Friday, March 1, 2013

Getting things wrong in a foreign language.....

Paul offers our weekly topic - getting things wrong in a foreign language  - 

I confess that - somewhat to my chagrin - I have not traveled anywhere that doesn't claim English as its primary language nor a destination that does not rely on American tourists' dollars for survival so the odds of my making a linguistic blunder are somewhat limited. Besides, I butcher English enough as it is.

My Spanish is sufficient  - mas cerveza por favor - y dos tacos
ditto my German - zwei Bieren bitte - once in a  galaxy far far away I was actually fluent in German and I can still tell you to perform a physically impossible feat to yourself.

So - lets take me out of the equation and speak in general terms.  Lets talk about translating the written word.  Translate a book from it's native language into another. How about translating a book written in Hebrew and Aramaic into Greek then another language.  Any new language. What are the chances something gets lost in the translation? Perhaps only a butterfly's flapping of its wings size loss but we've all heard what that can do. Languages are not static - they are incredibly nuanced.  Hoch Deutsch - as my teacher Fraulein Hartmann used to say - is very different from colloquial German. Hence translations vary. Translations bear the "bias" of the translator - and I do not mean that in a negative way at all nor am I tring to start a battle of words over the translation of the Bible - just citing it as an example of what happens when a document is translated. And who can deny the importance of the Bible as a document - whether you believe it literally, take it as a series of metaphors or somewhere in between those two.

The movie Das Boat is a great example of getting things wrong - at least if you've seen the English dubbed version. Nothing seems quite right, everything just feels odd.  But - watch it in German with subtitles and the film comes alive.  The fear of being in a metal tube underwater is palpable. Just thinking about being in a submarine during WWII frankly creeps me out thanks to Das Boat.  The translators simply did not get it right when coming up with the English version of the script.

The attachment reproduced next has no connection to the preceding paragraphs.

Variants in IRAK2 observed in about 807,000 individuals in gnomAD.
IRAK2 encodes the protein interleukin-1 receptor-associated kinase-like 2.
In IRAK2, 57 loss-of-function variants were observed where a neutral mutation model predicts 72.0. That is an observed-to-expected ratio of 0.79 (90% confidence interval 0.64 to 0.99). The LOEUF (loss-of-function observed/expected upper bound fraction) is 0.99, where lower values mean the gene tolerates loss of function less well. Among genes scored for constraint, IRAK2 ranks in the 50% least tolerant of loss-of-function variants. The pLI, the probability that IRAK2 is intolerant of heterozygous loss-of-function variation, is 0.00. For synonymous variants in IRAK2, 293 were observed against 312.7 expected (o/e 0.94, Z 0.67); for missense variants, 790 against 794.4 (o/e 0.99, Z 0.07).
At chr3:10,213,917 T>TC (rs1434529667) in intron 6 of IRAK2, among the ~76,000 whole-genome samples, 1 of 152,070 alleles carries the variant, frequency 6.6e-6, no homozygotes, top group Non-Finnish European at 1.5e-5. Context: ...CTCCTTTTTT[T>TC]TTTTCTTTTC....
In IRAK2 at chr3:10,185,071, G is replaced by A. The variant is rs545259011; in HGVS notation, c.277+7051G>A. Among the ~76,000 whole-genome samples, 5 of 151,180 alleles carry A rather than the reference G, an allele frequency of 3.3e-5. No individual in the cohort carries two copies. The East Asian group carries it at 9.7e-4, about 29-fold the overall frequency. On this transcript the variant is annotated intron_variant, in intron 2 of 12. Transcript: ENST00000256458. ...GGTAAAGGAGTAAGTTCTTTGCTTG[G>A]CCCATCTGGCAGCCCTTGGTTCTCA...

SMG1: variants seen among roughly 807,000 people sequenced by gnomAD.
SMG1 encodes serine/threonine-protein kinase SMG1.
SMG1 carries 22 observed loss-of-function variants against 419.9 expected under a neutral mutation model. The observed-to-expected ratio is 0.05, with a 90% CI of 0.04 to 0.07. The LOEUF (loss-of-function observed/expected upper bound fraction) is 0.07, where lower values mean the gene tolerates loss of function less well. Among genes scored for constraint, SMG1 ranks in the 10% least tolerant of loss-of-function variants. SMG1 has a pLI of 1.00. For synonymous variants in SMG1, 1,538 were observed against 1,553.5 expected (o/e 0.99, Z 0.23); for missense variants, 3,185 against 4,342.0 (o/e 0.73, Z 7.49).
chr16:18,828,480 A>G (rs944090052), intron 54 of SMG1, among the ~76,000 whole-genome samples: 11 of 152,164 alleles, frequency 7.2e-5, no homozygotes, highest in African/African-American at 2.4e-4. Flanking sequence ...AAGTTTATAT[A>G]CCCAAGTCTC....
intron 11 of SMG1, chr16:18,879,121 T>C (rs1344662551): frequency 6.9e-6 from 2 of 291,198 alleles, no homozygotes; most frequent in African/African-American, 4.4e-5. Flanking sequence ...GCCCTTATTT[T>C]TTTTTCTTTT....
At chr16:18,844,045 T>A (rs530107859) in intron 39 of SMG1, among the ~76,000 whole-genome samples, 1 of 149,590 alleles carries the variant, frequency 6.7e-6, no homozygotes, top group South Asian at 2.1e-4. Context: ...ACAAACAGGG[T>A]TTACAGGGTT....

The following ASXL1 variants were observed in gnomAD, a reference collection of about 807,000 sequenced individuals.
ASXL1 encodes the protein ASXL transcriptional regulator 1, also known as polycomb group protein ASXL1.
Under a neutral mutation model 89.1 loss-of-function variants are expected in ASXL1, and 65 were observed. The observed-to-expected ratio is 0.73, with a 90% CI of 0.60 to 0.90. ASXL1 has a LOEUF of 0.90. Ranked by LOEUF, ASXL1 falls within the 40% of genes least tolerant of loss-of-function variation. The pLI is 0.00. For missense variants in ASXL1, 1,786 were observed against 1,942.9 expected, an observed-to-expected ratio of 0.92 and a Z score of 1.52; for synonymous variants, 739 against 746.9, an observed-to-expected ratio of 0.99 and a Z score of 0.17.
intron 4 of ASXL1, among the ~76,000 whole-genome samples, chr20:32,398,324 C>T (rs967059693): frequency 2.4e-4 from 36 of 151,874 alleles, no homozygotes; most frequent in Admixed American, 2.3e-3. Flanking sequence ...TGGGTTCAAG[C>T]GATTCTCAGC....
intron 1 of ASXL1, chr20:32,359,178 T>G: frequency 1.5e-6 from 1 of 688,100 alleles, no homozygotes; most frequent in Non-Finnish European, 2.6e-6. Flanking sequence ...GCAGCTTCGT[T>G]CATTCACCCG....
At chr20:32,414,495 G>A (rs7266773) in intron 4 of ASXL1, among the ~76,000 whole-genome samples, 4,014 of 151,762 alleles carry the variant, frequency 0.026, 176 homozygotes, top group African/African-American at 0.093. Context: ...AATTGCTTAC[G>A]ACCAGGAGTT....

Ever see some subtitles in a film/TV show that seem a bit off?  Same thing -  I like mysteries and there's an excellent Danish TV series - Ørnen: En krimi-odyssé (The Eagle: A Crime Odyssey) (2004) that I watched via Netflix.  They kept the native language but boy do some of the subtitles make me scratch my head - LOL.  English with a Danish mindset.  The mind boggles. And do Danes really need to see a psychiatrist that often?

Then there're regional dialects - I'm not sure how big a country has to be but I watch enough British TV to know that England has many.  Ditto here - as I discovered on a cross country drive when I wanted to pay for gas with my Diners Club card (and boy does that date me).  I asked the attendant in the West Virginia gas station if they accepted Diners Club and I got a muffled we take Donners Club. The blank stare I gave him in response was enough to irritate him sufficiently that he loudly repeated himself several times before he pointed to the door to the establishment.  The door had a series of those little decals of the cards accepted.  Yep - there it was - the Diners - ne Donners - club card was indeed accepted. Whew.  I settled the bill and quickly headed once again for civilization - aka the interstate. I'm sure the attendant was as unfairly judgmental as i was in thinking what an idiot the other was. 

So now the question is "What does it really mean?" "What did he/she really mean?"  

That's my take on getting things wrong in a foreign language.  Time to see how the other LBC folk interpreted Paul's topic.  Check out Delirious, Maxi, Maria/Gaelikaa, Maria SilverFox, Padmum, Ramana, The Old Fossil &  Will Knott.


  1. Louie Louie makes the point loud and very unclear. I had to go to lyrics to decipher!

    You should be in India to feel like a foreigner within the country. According to the most recent census, 29 'languages' have more than a million native speakers, 60 have more than 100,000 and 122 have more than 10,000 native speakers.

    You want to swap places?

    1. India is the definition of melting pot. A culinary tour would be a better idea than a swap though.

    2. Yes, for the two of us, that is the way to go.

  2. Ha ha, you've made a good point. We mess up our own language plenty! lol

  3. For some reason your post triggered an incident that happened years ago. I was in Portugal and sat with a elderly woman who talked for about an hour. I couldn't understand a word she said but left with the feeling that she was happy someone had listened to her.
    blessings ~ maxi

  4. Could you buy kebabs with that Donners Club card?